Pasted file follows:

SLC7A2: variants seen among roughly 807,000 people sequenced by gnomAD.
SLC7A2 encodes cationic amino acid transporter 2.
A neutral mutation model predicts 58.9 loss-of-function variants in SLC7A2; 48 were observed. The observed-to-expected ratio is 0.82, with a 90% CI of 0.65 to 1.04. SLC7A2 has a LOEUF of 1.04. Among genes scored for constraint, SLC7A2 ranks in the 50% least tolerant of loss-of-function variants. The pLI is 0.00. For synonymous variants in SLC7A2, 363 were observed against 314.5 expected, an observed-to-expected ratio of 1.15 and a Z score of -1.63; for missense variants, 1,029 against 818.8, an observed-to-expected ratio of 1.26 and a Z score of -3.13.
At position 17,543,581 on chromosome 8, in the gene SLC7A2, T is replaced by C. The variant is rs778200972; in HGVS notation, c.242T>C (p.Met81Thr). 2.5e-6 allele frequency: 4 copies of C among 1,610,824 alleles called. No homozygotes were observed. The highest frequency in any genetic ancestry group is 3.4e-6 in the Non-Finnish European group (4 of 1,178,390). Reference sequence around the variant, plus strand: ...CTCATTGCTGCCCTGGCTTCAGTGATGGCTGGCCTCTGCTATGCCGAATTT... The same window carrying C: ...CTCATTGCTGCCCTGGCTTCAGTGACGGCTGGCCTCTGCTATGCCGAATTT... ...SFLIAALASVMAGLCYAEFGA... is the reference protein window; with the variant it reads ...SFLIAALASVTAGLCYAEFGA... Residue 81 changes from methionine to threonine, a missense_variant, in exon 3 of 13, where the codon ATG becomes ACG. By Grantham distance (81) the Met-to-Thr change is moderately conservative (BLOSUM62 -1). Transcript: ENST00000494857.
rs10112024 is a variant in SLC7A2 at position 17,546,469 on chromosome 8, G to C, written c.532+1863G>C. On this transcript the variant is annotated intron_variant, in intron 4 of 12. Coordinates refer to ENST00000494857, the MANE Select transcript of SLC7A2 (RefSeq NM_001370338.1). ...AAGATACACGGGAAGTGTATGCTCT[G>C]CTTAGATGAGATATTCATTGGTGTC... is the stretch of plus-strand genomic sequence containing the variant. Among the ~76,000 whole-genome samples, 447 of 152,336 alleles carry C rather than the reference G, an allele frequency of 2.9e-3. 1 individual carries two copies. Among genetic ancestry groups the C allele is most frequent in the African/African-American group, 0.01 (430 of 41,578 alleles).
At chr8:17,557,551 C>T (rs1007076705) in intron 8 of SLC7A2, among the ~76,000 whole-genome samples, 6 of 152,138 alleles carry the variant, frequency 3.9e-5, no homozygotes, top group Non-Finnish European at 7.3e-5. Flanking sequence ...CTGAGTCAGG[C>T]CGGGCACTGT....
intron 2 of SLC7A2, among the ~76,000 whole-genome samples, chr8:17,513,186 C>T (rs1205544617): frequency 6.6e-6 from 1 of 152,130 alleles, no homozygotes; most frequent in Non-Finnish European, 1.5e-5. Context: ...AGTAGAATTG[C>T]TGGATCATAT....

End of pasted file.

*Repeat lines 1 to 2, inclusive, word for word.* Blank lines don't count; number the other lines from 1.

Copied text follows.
SLC7A2: variants seen among roughly 807,000 people sequenced by gnomAD.
SLC7A2 encodes cationic amino acid transporter 2.